All throughout the offseason, every Bruins fan was waiting for the other shoe to drop. Once rumors began to circulate about Phil Kessel moving across the border to Toronto in June, every Boston fan awaited the B’s to make a move, or worse, another team swooping in with an offer sheet stealing Kessel away with the Bruins getting nothing in return. Almost two weeks before the start of the regular season and fans finally have some closure on one the biggest Boston storylines of the offseason. On Friday, September 18, Kessel was traded to Toronto for a 2010 1st and 2nd round pick and a 2011 first round pick. The Bruins receive no additional players and remain with $1.7 million in cap space for the upcoming season and a (somewhat) set roster. Those, are the facts.
These, are the opinions.
I’ve been reading about Phil Kessel in The Boston Globe almost everyday, or at least it certainly seemed like it. “Get rid of him!” one reader will comment. “Sign Kessel, more of the same from the Bruins,” another reader will write. Hockey ‘scribes’, as they call themselves, subtly call for a trade and target Kessel basing his play on his selfishness and immaturity. Readers groan and discuss amongst the uncertainty of what will truly happen. At the end of the day, ‘scribes’ and internet message board dwellers know little, if at all any of the truth.
For what it’s worth, I liked Kessel. I loved his speed, his ability to score goals, and even (to an extent) his cockiness. I didn’t like his price-point, however. For a one-dimensional player who has been called out for his lack of defensive ability, $5 million a season seemed a bit pricey, no? And how long would he be on the shelf for? Until November? December? Nothing was guaranteed. Throughout the offseason, I dreaded losing Kessel, or at least I thought I did. What I was really anxious about was losing Kessel and getting nothing in return. Exactly what didn’t happen. Not only were the B’s able to rid themselves of a young player who has yet to prove himself to be a consistent player, Boston kept their cap space and acquire a set of first round picks and a second rounder from Toronto for the next two years. Picks turn into prospects, after all. Boston, believe it or not, won this trade.
Kessel wasn’t happy in Boston and would have been a distraction for the team if this situation was left unresolved any longer. At the end of the day, Kessel was a salary cap casualty, the odd-man out in a post-CBA NHL. Toronto picked up a young player with speed and the ability to score goals, a player who no doubt will be the best forward on the Maple Leafs. They could afford to overpay him, the Bruins could not. And while Kessel will be hyped up for Toronto, one must wonder if Toronto’s center Matt Stajan, will be able to produce the same amount of passes to Phil as Bruins’ playmaker Marc Savard, once did. Savard is known for being one of the NHL’s top playmakers and Kessel benefited greatly by playing on his wing, and being his main target, last season.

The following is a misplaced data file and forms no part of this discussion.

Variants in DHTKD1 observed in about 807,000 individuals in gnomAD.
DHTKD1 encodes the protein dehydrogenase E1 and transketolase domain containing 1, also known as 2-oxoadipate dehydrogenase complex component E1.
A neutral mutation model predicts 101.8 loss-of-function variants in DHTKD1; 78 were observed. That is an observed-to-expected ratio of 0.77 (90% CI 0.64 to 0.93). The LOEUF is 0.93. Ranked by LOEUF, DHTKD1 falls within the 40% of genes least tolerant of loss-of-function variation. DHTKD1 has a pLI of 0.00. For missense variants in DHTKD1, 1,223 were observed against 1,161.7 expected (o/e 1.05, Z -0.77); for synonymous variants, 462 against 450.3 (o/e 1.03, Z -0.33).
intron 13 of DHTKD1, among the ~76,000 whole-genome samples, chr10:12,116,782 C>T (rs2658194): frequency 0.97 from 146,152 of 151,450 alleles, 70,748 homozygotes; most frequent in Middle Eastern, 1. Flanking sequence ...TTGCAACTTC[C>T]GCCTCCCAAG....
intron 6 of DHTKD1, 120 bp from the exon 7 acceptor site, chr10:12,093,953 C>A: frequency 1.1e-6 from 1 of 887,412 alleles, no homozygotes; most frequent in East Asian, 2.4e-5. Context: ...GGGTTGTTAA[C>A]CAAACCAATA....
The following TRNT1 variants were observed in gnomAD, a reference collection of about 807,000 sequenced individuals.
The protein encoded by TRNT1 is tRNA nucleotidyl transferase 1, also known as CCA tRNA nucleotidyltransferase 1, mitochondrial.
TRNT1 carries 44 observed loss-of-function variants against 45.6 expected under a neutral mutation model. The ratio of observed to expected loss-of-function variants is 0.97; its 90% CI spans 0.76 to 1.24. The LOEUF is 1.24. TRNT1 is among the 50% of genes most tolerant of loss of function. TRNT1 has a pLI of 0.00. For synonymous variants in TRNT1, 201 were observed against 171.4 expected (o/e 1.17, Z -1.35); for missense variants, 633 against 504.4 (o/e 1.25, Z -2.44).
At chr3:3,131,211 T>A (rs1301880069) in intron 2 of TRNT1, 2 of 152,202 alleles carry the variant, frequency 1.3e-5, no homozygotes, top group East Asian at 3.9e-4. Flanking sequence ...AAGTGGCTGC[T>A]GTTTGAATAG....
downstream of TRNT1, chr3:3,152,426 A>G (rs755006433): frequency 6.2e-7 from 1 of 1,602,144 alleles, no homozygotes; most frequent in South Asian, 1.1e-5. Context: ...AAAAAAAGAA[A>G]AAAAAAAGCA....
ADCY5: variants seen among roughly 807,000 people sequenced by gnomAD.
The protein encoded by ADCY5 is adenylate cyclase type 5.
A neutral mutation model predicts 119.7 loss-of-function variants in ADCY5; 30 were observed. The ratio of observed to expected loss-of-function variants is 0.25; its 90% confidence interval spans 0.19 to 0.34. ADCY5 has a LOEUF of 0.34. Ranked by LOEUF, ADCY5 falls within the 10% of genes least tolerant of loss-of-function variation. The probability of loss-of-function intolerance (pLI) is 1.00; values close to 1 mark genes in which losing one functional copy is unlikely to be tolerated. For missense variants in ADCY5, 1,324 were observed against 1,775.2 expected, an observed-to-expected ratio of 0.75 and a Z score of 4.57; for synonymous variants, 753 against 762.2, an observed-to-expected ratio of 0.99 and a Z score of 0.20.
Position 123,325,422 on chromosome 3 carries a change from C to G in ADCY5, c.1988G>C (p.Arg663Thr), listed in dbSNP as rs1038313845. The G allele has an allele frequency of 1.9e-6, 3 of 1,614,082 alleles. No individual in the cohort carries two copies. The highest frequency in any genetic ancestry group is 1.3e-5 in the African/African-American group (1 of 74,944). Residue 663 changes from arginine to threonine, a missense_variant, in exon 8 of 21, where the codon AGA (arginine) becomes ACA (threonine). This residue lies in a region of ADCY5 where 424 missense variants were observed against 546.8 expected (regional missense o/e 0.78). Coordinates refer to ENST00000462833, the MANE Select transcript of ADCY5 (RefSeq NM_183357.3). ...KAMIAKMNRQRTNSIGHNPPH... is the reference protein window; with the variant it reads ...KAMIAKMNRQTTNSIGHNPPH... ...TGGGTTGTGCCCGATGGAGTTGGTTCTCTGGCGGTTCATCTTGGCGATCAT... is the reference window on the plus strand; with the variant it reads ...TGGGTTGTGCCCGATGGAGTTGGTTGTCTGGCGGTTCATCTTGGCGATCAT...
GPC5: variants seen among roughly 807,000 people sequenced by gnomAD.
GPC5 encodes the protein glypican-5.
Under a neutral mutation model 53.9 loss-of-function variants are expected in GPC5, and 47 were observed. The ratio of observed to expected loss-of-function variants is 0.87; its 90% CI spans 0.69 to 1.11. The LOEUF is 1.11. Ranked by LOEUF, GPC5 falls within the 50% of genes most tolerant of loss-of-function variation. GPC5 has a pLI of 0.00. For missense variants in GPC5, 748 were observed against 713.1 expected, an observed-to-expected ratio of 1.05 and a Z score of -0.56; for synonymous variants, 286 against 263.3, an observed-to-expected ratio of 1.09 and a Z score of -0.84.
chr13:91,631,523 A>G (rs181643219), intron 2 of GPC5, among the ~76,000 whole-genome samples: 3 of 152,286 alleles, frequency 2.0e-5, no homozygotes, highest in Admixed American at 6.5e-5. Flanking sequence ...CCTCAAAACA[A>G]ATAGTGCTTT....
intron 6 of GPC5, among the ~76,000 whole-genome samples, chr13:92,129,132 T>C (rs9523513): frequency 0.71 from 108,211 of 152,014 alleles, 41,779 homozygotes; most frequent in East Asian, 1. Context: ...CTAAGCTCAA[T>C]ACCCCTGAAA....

Kessel is also a streaky player. Last season, he had a six-game, seven goal streak from November 26 – December 8. After his bout with mononucleosis in January however, Kessel was held scoreless for almost a month starting on his return to the ice on January 29, until February 22. A bit of a stretch for a coveted goal scorer.
Take a look at his multi-goal games, which he had five of. How many of those games were against playoff contending teams? Zero. How many of those games were against teams over .500? Two, and they were both the Ottawa Senators, one game over .500, ranked 11th in the Eastern Conference. Against playoff teams, Kessel scored seven goals. That’s it, seven. His only hat trick came against the New York Islanders on the last game of the season on goaltending tandem, Yann Danis and Joey MacDonald. Not so staggering statistics once you take a step back.
So why are B’s fans up in arms that we traded away Kessel? Is it his speed (which he’s been benched for because of his lack of back-checking)? Is it the amount of goals he scored (again, seven, against playoff teams; 11 and 19 goals in his previous two seasons without Savard on his line)? Is this a player really worth a supposed $5.4 million a year? No, it’s not.
The Bruins now have two first round picks in 2010 and 2011; their own and now Toronto’s. With the way that the Bruins draft prospects, the B’s should be in a good place for the next few years. Boston already has an ample amount of impressive prospects waiting in the wings down in Providence. Notables include, Zach Hamill, a 2007 8th overall pick, Brad Marchand, a 3rd round selection in 2006, and soon, Boston will be seeing Joe Colbourne, the team’s first round pick in 2008, make his way to the Garden. At the very least, Boston now have many options in first round draft picks to lure a player to Boston when the season is starting to wind down at the trade deadline. All for Phil Kessel, a fifth overall selection in 2006. Not too bad to double down on your investment, a player who will most likely miss the first two months of the season.
I’m going to miss Phil Kessel. I enjoyed the pairing of he and Savard. But in the end, the Bruins won this deal, acquiring two firsts and a second rounder for a young, somewhat inconsistent player, isn’t half bad. It will suck to watch Kessel in a Leafs jersey for the next five years and wonder what could have been, but at the tune of $5.4 million a year, I’m sure Boston will be just fine with the team they’ll have.
No matter what any message-boarder, ‘hockey scribe,’ or blogger will tell you, all that matters is that you’re either a fan of the team in good times and in bad, or you’re not a fan at all.